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May 27, 2015 / 9 Sivan, 5775
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A Magnificent Weekend With The Chabad Shluchos

Standing, left to right: Mrs. Rochel Goldman, Shlucha to Johannesburg, South Africa; Mrs. Rivka Kotlarsky and Mrs. Molly Resnick, co-directors of the Guest of Shluchos program. Sitting, left to right: Rebbetzin Shula Kazan, Shlucha to Cleveland, OH, and Mrs. Naomi Mauer, co-publisher of The Jewish Press.

Standing, left to right: Mrs. Rochel Goldman, Shlucha to Johannesburg, South Africa; Mrs. Rivka Kotlarsky and Mrs. Molly Resnick, co-directors of the Guest of Shluchos program. Sitting, left to right: Rebbetzin Shula Kazan, Shlucha to Cleveland, OH, and Mrs. Naomi Mauer, co-publisher of The Jewish Press.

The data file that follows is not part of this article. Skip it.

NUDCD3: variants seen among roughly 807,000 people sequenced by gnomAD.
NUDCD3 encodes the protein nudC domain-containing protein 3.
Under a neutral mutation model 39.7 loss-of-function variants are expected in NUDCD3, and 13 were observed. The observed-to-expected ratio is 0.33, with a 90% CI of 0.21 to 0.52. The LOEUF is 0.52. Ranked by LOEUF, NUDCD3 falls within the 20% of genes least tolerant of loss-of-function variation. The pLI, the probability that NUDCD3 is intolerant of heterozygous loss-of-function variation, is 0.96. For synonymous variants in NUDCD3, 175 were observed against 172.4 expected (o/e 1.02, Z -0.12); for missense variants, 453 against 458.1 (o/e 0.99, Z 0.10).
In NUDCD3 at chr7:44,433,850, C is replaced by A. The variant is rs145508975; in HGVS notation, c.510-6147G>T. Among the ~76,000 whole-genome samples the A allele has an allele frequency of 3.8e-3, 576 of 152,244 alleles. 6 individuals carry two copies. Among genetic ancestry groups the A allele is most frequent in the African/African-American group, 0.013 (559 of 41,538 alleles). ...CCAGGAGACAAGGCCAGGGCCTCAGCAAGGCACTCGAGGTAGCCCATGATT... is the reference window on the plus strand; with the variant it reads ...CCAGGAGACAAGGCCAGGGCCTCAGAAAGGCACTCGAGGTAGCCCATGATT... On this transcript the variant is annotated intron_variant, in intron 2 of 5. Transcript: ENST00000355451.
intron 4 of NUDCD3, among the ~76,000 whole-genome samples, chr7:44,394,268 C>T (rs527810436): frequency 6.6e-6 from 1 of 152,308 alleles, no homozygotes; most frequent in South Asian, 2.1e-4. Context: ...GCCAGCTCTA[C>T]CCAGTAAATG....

Almost every year I am invited to attend the grand banquet of the International Shluchos Convention, the climax of a four-day weekend that attracts some 2,500 Chabad shluchos from all over the world – from Argentina to Australia, from Thailand to Kazakhstan, and from every state in the U.S. It takes place the weekend of Chaf Bet Shevat, the yahrzeit of Rebbetzin Chaya Mushka, wife of the Lubavitcher Rebbe, ztl.

Unfortunately, I was out of town the night of this year’s banquet last month, but had I been there I would have met Rebbetzin Simi Abuhatzeira, widow of the late Baba Sali, and Olga Levayev, wife of the Georgian diamond tycoon who set up hundreds of Jewish schools in the former Soviet Union. I would also have heard the keynote speaker, Rebbetzin Chani Lipskar, who together with her husband built The Shul in Bal Harbour, Florida, as well as many other distinguished rebbetzins.